Breast cancer is the most common cancer amongst women accounting for 24 percent of new cancer cases worldwide and 15 percent of cancer deaths in 2018. While survival rates for breast cancer patients are improving with the help of early detection, the incurable metastatic stage of the disease has a poor prognosis, resulting in most breast cancer deaths. Christine Evans-Pughe explains more about the role of regulatory T cells in breast cancer metastasis.
Understanding the Role of Regulatory T Cells in Breast Cancer Metastasis
While survival rates for breast cancer patients are improving with the help of early detection, the incurable metastatic stage of the disease has a poor prognosis, resulting in most breast cancer deaths. Of the 1.7 million new cases of breast cancer diagnosed annually worldwide, around 30 percent of patients diagnosed with localised disease get metastases in distant organs.
How the immune system helps or hinders metastases is a promising field of breast cancer research. In the microenvironment in the tumour, for example, tumour-associated macrophages (TAMs) are associated with invasion, metastasis, and a worse prognosis. But tumour-infiltrating lymphocytes (TILs) are associated with a better outcome.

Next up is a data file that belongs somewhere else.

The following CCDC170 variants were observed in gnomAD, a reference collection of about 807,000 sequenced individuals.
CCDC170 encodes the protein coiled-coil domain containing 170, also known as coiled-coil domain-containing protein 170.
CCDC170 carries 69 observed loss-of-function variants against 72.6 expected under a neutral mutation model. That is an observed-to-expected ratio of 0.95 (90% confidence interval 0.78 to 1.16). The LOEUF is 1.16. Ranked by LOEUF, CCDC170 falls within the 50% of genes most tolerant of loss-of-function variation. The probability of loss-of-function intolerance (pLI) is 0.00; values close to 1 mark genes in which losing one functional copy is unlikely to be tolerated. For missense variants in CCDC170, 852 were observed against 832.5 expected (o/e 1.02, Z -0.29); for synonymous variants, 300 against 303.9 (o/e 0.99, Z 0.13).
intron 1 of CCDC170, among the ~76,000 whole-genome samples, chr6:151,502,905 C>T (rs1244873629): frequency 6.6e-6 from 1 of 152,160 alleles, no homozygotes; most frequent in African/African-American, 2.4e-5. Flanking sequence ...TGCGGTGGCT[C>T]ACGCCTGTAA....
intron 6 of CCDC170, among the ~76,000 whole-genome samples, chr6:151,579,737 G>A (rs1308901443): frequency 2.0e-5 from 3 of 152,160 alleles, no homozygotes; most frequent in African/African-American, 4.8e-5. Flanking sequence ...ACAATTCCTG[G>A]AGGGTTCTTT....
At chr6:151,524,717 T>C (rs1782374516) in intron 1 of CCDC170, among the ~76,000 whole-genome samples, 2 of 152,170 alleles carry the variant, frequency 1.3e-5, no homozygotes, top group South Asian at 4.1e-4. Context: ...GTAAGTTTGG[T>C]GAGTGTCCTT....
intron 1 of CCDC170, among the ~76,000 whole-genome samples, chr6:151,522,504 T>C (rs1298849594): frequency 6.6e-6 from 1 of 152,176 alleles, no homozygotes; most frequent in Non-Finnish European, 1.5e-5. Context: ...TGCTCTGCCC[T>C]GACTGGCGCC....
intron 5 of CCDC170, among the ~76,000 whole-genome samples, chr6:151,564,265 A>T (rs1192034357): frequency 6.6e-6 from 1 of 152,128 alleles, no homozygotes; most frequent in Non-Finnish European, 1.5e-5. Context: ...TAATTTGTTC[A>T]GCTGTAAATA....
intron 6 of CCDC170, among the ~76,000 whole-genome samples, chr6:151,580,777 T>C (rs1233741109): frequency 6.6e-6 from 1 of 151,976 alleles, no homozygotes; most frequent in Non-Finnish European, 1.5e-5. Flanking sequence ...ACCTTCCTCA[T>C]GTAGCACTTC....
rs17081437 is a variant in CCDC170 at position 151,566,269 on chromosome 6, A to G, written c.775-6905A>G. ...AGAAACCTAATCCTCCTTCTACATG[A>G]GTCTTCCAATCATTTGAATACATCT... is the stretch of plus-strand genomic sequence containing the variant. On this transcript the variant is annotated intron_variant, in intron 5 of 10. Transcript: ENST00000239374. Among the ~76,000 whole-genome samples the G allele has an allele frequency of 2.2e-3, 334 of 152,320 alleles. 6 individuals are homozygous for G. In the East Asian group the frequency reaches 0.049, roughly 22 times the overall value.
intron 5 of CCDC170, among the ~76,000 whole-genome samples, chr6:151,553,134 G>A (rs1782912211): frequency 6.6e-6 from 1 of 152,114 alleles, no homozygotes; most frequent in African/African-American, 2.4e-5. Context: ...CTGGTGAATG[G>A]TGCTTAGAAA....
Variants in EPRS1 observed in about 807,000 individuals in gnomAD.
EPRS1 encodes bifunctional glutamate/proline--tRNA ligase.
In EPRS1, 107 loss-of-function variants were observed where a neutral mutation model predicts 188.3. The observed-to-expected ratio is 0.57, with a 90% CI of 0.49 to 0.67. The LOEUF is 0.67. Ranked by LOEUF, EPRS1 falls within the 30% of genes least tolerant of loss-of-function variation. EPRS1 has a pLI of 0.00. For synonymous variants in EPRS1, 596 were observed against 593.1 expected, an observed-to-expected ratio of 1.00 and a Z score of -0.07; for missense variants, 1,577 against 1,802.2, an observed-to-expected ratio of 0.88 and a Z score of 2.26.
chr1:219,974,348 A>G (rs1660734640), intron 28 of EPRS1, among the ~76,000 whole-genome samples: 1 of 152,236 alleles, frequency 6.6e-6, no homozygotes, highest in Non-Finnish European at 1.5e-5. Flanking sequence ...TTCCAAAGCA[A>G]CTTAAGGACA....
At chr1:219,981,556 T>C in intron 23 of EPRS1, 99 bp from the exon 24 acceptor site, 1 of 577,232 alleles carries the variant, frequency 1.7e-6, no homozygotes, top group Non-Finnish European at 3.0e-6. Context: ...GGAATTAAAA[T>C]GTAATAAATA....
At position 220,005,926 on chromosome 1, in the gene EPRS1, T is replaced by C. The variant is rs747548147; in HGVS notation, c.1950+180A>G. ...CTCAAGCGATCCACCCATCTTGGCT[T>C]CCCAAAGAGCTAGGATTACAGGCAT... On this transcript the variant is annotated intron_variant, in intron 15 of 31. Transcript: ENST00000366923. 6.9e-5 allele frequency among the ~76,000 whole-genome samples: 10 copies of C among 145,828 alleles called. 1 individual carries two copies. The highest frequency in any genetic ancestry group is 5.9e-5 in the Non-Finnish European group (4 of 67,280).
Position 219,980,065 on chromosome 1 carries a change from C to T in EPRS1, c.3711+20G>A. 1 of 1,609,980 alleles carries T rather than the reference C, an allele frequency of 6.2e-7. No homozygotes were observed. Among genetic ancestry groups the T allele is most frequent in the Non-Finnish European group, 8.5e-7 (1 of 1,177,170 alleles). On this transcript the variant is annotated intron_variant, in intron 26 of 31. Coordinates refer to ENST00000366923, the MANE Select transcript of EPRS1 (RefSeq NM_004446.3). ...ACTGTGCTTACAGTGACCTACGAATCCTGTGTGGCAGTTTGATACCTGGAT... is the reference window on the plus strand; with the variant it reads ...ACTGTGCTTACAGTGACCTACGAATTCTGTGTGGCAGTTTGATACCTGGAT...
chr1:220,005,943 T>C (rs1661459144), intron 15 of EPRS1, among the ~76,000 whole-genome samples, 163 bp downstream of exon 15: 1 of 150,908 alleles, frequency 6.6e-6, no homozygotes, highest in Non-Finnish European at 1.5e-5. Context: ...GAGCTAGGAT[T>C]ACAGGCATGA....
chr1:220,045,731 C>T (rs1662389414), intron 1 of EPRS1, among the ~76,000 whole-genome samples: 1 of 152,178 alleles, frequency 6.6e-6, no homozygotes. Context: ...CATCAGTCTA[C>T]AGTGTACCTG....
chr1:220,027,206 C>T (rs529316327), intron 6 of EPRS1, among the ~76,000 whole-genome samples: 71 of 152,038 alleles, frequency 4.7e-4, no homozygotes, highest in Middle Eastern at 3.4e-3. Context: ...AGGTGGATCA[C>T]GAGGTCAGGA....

Cancers host a plethora of other immune cell subsets too, such as lymphocytes, various myeloid cells, and innate lymphoid cells, some of which aid and abet the tumour, while others hinder its progress.
Kevin Kos, a molecular immunologist in Karin de Visser’s Inflammation and Cancer research group at the Netherlands Cancer Institute (NKI)- in Amsterdam, and researcher of Oncode Institute, has been using Qlucore’s Omics Explorer for his PhD research on the role of T regulatory cells (Tregs) in breast cancer metastasis.
“Tregs act like the military policemen among the white blood cell population. Whereas other white blood cells fight pathogens, Tregs regulate immune responses to ensure that nothing goes out of control, making sure there isn’t excessive inflammation (Kos and de Visser, 2021). When this goes wrong, such as in auto-immune diseases like diabetes, multiple sclerosis, and inflammatory bowel disease, Tregs are either dysfunctional or reduced,” Kos explains.
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